Genes linked to anxiety in chickens may play a role in mouse and human behavior.
Chickens that chicken out in unfamiliar surroundings may shed light on anxiety in humans, according to research published in the January issue of the journal Genetics, a publication of the Genetics Society of America.
Domestic chickens are much less anxious than their wild cousins, the red junglefowl. The new research identifies genes that contribute to this difference and reveals that several of the genes influence similar behaviors in mice. The authors argue that these results, combined with evidence from studies in humans, demonstrate the potential of the chicken to serve as a powerful model for understanding the genetic underpinnings of human behavior.
"By necessity, human genetic studies of behavior often focus only on susceptibility to a mental health disorder. But what about more subtle differences in behavior? For example, what makes one person a little more anxious than others? And what makes someone else a little bolder?" said study leader Dominic Wright, of Linköping University in Sweden. "Animal models like the chicken allow us to address challenging questions like these using controlled breeding experiments."
But why choose the chicken as a model for anxiety? This approach takes advantage of a "natural" genetics experiment, the transformation of junglefowl in Asia into the modern domestic chicken. After thousands of years of breeding, the barnyard chicken has a different temperament to its jungle-dwelling counterpart: the chicken is more tame and less anxious.
Anxiety behaviors in animals are typically measured by observing their activity in a brightly-lit, featureless space they have never encountered before (an "open field test"). In this new environment, junglefowl spend most of their time either frozen with fear or rapidly darting around. They also avoid the exposed center of the test arena. Domestic chickens, in contrast, traverse the whole area, and at a less erratic pace.
The chicken genome also has properties that can make it easier to study than the human or mouse genomes. For example, chicken genes are grouped into much smaller linkage blocks than mammalian genomes are. These blocks are groups of neighbouring genes that tend to be inherited together in a chunk of chromosome, rather than being split up during the random shuffling of variants that occurs at each generation. Having smaller chunks allows researchers to more precisely pinpoint genome regions associated with a trait, such as anxiety behavior.
To look for genes that contribute to variation in anxiety behaviors, the researchers first crossed White Leghorn chickens with red junglefowl to create a population of hybrids. The hybrid birds inherited a patchwork of gene variants from their chicken and junglefowl ancestors, and they also varied widely in their anxiety levels during the open field test. By comparing behavioral and genome data for each bird, the team identified fifteen regions of the genome that contributed to the behavioral variation.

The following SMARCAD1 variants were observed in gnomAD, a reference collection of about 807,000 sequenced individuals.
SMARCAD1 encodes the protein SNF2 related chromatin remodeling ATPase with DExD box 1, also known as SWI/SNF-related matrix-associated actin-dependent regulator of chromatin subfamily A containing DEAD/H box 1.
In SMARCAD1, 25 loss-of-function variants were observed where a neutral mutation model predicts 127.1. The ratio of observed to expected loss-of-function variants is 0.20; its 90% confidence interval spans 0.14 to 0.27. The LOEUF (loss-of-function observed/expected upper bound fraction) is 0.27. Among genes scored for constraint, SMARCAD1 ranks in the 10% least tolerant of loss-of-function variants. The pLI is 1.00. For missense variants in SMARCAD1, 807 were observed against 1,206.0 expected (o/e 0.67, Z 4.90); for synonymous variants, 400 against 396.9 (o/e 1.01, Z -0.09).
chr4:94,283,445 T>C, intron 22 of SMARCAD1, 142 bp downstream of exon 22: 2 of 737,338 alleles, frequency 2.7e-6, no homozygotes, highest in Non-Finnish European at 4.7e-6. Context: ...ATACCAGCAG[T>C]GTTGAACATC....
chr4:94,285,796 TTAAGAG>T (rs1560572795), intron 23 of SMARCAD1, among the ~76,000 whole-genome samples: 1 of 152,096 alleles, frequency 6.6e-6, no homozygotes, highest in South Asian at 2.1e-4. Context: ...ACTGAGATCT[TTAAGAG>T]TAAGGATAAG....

Each of these genome regions included many genes, so the next step was to hone in on specific genes of interest. The team narrowed the search by examining gene activity in the hypothalamus, a region of the brain involved in regulating anxiety. The researchers identified ten candidates for which heritable differences in hypothalamic gene activity were correlated with anxiety behaviors.
Six of the ten candidate genes have known functions related to behavior or brain function. For example the gene ADAM10 is needed for proper formation of the brain during development and for protection against the brain amyloid plaques that form in certain neurodegenerative diseases. It also influences learning and memory.
The researchers then tested whether these genes also influenced behavior in studies of mice and humans. The mouse data came from a massive breeding experiment called the Mouse Heterogeneous Stocks cross, which includes data from open field tests just like those used in the chicken study. Four genes identified in the chicken data were also associated with anxiety in the mouse, while three were associated with schizophrenia or bipolar disorder in large human genomic studies. Although anxiety behaviors were not directly measured in the human studies, the authors argue that results for other disorders may indirectly reveal links to anxiety. For instance, a large proportion of people with bipolar disorder have diagnosed anxiety disorders. Complex overlaps may also exist between schizophrenia symptoms and anxiety behaviors.
"Though we can't yet prove these genes have equivalent functions in chicken and humans, the data certainly raises the intriguing possibility that genes controlling variation in behavior can be remarkably conserved between a whole variety of species," said Wright. "Understanding the genetics underlying the chicken results may provide fundamental insights into animal behavior, including normal behavioral variation in humans."